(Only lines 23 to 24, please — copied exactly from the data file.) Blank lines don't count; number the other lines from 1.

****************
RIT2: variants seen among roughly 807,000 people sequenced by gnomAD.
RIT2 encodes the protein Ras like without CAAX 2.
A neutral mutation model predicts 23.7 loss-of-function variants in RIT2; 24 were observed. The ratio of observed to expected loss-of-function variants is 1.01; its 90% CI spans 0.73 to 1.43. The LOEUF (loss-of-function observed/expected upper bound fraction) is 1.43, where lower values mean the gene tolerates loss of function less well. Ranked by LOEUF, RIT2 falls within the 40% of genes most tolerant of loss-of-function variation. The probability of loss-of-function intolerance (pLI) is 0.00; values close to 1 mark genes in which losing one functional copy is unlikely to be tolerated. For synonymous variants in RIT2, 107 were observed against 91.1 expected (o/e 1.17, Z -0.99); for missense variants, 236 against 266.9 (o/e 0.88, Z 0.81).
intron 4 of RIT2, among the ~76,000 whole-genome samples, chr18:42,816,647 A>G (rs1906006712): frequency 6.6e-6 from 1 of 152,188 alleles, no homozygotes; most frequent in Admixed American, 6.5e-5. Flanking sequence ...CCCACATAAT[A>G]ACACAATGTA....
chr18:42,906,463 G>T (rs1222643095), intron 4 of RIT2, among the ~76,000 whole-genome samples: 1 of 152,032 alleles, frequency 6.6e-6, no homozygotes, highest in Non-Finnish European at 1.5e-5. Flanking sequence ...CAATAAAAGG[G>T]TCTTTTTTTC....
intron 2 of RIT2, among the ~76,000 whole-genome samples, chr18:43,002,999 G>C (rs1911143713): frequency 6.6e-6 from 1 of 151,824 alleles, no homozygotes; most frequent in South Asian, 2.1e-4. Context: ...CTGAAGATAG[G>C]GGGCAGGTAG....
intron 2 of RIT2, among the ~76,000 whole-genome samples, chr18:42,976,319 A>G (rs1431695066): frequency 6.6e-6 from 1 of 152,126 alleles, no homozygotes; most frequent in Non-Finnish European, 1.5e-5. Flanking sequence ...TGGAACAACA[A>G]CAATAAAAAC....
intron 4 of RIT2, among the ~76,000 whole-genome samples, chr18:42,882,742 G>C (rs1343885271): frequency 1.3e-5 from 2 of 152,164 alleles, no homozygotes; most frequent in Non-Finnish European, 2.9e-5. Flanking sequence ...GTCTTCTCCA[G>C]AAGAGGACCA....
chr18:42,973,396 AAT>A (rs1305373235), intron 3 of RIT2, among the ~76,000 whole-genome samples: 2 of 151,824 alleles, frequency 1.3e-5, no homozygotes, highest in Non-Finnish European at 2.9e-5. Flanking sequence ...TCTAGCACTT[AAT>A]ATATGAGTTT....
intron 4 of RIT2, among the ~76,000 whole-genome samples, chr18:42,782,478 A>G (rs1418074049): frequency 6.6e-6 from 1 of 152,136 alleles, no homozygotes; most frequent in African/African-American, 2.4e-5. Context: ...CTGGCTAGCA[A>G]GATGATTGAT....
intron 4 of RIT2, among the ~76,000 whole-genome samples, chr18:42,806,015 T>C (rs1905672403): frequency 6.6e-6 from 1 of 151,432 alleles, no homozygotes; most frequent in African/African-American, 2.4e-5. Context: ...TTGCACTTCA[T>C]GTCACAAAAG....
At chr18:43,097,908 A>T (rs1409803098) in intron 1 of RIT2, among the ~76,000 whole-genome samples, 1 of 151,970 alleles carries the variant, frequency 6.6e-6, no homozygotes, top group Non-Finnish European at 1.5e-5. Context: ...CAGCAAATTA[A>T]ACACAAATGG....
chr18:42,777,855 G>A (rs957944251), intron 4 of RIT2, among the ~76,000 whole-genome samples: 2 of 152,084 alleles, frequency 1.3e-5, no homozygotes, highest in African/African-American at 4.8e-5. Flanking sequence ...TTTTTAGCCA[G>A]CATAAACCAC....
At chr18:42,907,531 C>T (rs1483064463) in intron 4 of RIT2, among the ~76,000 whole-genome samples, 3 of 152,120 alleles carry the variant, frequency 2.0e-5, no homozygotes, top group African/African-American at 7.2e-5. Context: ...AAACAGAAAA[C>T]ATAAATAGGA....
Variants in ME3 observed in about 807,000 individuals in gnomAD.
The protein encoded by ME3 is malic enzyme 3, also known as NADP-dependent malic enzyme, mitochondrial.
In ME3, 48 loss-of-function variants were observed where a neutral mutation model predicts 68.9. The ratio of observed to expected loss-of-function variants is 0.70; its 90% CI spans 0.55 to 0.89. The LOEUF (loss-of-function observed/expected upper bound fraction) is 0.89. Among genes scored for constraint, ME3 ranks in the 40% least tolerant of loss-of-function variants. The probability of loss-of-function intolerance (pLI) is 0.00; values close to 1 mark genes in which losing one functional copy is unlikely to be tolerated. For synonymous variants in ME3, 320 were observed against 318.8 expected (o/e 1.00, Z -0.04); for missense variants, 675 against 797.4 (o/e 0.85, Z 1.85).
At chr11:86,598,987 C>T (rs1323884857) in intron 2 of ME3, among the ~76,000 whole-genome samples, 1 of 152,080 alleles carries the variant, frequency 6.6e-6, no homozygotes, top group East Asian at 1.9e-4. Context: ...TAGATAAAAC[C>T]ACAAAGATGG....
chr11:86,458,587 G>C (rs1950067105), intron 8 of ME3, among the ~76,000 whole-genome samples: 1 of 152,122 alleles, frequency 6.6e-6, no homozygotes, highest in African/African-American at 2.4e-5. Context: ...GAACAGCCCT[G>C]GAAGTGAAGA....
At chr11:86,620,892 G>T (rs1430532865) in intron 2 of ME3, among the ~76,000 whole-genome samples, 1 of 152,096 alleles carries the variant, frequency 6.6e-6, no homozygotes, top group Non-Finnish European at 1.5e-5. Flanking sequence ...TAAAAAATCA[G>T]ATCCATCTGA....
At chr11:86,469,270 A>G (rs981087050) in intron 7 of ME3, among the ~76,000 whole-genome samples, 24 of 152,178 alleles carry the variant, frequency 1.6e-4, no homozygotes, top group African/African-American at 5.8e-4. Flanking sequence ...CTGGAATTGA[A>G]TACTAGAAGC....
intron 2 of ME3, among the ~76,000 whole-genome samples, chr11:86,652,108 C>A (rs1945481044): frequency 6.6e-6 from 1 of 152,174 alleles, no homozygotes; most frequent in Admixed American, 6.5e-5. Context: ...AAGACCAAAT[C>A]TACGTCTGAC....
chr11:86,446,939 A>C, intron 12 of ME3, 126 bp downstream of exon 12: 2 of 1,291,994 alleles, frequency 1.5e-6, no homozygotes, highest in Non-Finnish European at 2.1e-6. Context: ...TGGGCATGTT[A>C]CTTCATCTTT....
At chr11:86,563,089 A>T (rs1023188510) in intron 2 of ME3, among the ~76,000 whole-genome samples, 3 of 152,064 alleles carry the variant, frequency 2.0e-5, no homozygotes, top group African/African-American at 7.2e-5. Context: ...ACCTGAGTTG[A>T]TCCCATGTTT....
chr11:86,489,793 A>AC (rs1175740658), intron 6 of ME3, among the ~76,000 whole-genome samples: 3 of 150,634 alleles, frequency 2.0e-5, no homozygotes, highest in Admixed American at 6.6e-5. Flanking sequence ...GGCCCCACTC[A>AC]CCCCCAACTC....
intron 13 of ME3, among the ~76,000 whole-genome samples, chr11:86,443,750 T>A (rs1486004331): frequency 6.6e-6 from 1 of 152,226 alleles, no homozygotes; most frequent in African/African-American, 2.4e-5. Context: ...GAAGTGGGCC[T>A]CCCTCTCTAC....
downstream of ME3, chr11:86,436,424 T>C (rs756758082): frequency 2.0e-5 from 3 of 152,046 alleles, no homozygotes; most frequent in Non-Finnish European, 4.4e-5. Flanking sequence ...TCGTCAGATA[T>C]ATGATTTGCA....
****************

chr11:86,446,939 A>C, intron 12 of ME3, 126 bp downstream of exon 12: 2 of 1,291,994 alleles, frequency 1.5e-6, no homozygotes, highest in Non-Finnish European at 2.1e-6. Context: ...TGGGCATGTT[A>C]CTTCATCTTT....
At chr11:86,563,089 A>T (rs1023188510) in intron 2 of ME3, among the ~76,000 whole-genome samples, 3 of 152,064 alleles carry the variant, frequency 2.0e-5, no homozygotes, top group African/African-American at 7.2e-5. Context: ...ACCTGAGTTG[A>T]TCCCATGTTT....